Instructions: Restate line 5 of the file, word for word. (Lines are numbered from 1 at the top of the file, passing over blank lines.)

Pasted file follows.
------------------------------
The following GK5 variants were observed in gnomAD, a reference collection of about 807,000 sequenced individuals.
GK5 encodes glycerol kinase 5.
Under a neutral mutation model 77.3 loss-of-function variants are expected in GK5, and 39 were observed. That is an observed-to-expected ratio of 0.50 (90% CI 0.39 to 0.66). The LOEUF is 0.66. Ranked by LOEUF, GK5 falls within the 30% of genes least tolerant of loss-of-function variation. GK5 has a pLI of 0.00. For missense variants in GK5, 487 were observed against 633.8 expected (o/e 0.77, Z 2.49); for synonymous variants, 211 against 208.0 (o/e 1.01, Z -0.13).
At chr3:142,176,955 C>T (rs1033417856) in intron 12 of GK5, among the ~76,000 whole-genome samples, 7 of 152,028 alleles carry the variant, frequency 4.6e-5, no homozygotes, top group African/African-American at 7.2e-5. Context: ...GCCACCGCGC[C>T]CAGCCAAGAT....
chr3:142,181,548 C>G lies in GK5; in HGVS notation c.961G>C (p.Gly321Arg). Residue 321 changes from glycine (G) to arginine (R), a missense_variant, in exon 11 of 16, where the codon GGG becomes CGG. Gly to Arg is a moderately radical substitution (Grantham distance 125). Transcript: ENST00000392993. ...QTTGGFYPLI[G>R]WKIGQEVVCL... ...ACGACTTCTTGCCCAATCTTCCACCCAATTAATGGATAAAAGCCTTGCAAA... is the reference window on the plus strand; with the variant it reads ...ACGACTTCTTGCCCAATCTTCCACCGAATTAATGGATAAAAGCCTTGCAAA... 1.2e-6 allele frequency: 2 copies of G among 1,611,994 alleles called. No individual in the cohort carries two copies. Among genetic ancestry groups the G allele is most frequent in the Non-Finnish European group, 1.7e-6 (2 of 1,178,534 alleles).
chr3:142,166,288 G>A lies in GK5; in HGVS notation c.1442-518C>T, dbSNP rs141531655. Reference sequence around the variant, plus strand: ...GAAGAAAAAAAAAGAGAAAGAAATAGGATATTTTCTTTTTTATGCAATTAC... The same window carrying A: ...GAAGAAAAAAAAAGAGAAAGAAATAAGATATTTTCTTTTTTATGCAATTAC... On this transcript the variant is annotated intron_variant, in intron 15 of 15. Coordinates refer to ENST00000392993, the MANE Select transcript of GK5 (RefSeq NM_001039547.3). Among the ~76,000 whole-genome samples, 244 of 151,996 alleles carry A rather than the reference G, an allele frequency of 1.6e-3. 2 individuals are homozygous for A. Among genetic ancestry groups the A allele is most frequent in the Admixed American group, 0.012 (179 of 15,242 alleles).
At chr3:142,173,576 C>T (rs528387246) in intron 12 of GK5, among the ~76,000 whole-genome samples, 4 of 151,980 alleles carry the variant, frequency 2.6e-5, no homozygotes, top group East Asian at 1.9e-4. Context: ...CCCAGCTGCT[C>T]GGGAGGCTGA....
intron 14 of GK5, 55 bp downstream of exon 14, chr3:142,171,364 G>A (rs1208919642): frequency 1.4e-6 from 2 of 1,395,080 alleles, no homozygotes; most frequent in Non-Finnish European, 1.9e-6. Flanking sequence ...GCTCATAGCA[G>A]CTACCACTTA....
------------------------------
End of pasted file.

chr3:142,181,548 C>G lies in GK5; in HGVS notation c.961G>C (p.Gly321Arg). Residue 321 changes from glycine (G) to arginine (R), a missense_variant, in exon 11 of 16, where the codon GGG becomes CGG. Gly to Arg is a moderately radical substitution (Grantham distance 125). Transcript: ENST00000392993. ...QTTGGFYPLI[G>R]WKIGQEVVCL... ...ACGACTTCTTGCCCAATCTTCCACCCAATTAATGGATAAAAGCCTTGCAAA... is the reference window on the plus strand; with the variant it reads ...ACGACTTCTTGCCCAATCTTCCACCGAATTAATGGATAAAAGCCTTGCAAA... 1.2e-6 allele frequency: 2 copies of G among 1,611,994 alleles called. No individual in the cohort carries two copies. Among genetic ancestry groups the G allele is most frequent in the Non-Finnish European group, 1.7e-6 (2 of 1,178,534 alleles).